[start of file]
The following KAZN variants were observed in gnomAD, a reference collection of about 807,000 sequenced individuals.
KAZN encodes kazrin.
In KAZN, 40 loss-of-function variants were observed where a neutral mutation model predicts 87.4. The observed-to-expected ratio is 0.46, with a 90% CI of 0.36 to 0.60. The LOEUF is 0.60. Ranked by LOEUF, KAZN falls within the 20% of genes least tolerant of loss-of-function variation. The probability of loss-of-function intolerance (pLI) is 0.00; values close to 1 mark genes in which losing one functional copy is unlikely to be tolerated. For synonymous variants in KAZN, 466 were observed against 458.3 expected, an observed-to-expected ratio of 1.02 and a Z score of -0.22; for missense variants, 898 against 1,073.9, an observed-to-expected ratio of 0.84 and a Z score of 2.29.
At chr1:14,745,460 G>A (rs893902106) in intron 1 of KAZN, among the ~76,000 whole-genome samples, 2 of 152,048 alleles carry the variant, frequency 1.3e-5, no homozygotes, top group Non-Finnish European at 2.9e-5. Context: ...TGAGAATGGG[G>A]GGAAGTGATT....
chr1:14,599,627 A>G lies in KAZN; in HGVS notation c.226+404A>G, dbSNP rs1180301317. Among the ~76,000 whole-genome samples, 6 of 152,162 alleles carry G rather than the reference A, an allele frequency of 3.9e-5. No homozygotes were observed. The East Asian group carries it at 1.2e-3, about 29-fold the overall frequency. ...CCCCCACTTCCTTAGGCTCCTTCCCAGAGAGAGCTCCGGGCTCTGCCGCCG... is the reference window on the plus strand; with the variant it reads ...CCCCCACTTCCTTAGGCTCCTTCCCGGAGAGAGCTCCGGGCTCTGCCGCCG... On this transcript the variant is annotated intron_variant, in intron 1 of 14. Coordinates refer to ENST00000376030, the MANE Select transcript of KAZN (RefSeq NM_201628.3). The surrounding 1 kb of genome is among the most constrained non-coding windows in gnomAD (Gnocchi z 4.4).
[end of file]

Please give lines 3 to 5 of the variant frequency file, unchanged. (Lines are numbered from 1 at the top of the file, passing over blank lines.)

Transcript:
In KAZN, 40 loss-of-function variants were observed where a neutral mutation model predicts 87.4. The observed-to-expected ratio is 0.46, with a 90% CI of 0.36 to 0.60. The LOEUF is 0.60. Ranked by LOEUF, KAZN falls within the 20% of genes least tolerant of loss-of-function variation. The probability of loss-of-function intolerance (pLI) is 0.00; values close to 1 mark genes in which losing one functional copy is unlikely to be tolerated. For synonymous variants in KAZN, 466 were observed against 458.3 expected, an observed-to-expected ratio of 1.02 and a Z score of -0.22; for missense variants, 898 against 1,073.9, an observed-to-expected ratio of 0.84 and a Z score of 2.29.
At chr1:14,745,460 G>A (rs893902106) in intron 1 of KAZN, among the ~76,000 whole-genome samples, 2 of 152,048 alleles carry the variant, frequency 1.3e-5, no homozygotes, top group Non-Finnish European at 2.9e-5. Context: ...TGAGAATGGG[G>A]GGAAGTGATT....
chr1:14,599,627 A>G lies in KAZN; in HGVS notation c.226+404A>G, dbSNP rs1180301317. Among the ~76,000 whole-genome samples, 6 of 152,162 alleles carry G rather than the reference A, an allele frequency of 3.9e-5. No homozygotes were observed. The East Asian group carries it at 1.2e-3, about 29-fold the overall frequency. ...CCCCCACTTCCTTAGGCTCCTTCCCAGAGAGAGCTCCGGGCTCTGCCGCCG... is the reference window on the plus strand; with the variant it reads ...CCCCCACTTCCTTAGGCTCCTTCCCGGAGAGAGCTCCGGGCTCTGCCGCCG... On this transcript the variant is annotated intron_variant, in intron 1 of 14. Coordinates refer to ENST00000376030, the MANE Select transcript of KAZN (RefSeq NM_201628.3). The surrounding 1 kb of genome is among the most constrained non-coding windows in gnomAD (Gnocchi z 4.4).